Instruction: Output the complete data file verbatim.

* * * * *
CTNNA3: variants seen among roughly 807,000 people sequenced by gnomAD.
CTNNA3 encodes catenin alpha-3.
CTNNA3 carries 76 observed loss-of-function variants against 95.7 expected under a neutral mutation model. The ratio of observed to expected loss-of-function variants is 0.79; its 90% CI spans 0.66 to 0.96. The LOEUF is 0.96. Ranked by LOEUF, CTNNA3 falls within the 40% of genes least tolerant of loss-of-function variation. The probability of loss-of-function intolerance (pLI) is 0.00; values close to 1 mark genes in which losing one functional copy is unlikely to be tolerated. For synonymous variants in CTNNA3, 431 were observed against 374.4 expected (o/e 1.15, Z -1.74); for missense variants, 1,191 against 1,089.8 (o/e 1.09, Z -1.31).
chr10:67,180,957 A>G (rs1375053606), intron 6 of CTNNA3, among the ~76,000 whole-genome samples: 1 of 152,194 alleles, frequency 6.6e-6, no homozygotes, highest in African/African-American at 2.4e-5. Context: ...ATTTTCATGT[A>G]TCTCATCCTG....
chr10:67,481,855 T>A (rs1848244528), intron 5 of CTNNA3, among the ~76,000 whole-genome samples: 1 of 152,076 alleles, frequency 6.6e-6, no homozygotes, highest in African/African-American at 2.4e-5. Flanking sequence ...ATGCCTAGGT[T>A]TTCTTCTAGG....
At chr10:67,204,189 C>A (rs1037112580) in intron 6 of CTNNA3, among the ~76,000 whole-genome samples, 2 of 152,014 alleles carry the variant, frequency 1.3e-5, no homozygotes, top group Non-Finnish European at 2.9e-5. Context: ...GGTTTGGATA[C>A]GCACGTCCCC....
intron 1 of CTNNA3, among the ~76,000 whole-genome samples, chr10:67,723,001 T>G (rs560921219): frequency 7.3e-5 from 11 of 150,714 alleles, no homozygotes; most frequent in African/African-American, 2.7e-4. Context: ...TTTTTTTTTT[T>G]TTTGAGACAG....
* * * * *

CTNNA3: variants seen among roughly 807,000 people sequenced by gnomAD.
CTNNA3 encodes catenin alpha-3.
CTNNA3 carries 76 observed loss-of-function variants against 95.7 expected under a neutral mutation model. The ratio of observed to expected loss-of-function variants is 0.79; its 90% CI spans 0.66 to 0.96. The LOEUF is 0.96. Ranked by LOEUF, CTNNA3 falls within the 40% of genes least tolerant of loss-of-function variation. The probability of loss-of-function intolerance (pLI) is 0.00; values close to 1 mark genes in which losing one functional copy is unlikely to be tolerated. For synonymous variants in CTNNA3, 431 were observed against 374.4 expected (o/e 1.15, Z -1.74); for missense variants, 1,191 against 1,089.8 (o/e 1.09, Z -1.31).
chr10:67,180,957 A>G (rs1375053606), intron 6 of CTNNA3, among the ~76,000 whole-genome samples: 1 of 152,194 alleles, frequency 6.6e-6, no homozygotes, highest in African/African-American at 2.4e-5. Context: ...ATTTTCATGT[A>G]TCTCATCCTG....
chr10:67,481,855 T>A (rs1848244528), intron 5 of CTNNA3, among the ~76,000 whole-genome samples: 1 of 152,076 alleles, frequency 6.6e-6, no homozygotes, highest in African/African-American at 2.4e-5. Flanking sequence ...ATGCCTAGGT[T>A]TTCTTCTAGG....
At chr10:67,204,189 C>A (rs1037112580) in intron 6 of CTNNA3, among the ~76,000 whole-genome samples, 2 of 152,014 alleles carry the variant, frequency 1.3e-5, no homozygotes, top group Non-Finnish European at 2.9e-5. Context: ...GGTTTGGATA[C>A]GCACGTCCCC....
intron 1 of CTNNA3, among the ~76,000 whole-genome samples, chr10:67,723,001 T>G (rs560921219): frequency 7.3e-5 from 11 of 150,714 alleles, no homozygotes; most frequent in African/African-American, 2.7e-4. Context: ...TTTTTTTTTT[T>G]TTTGAGACAG....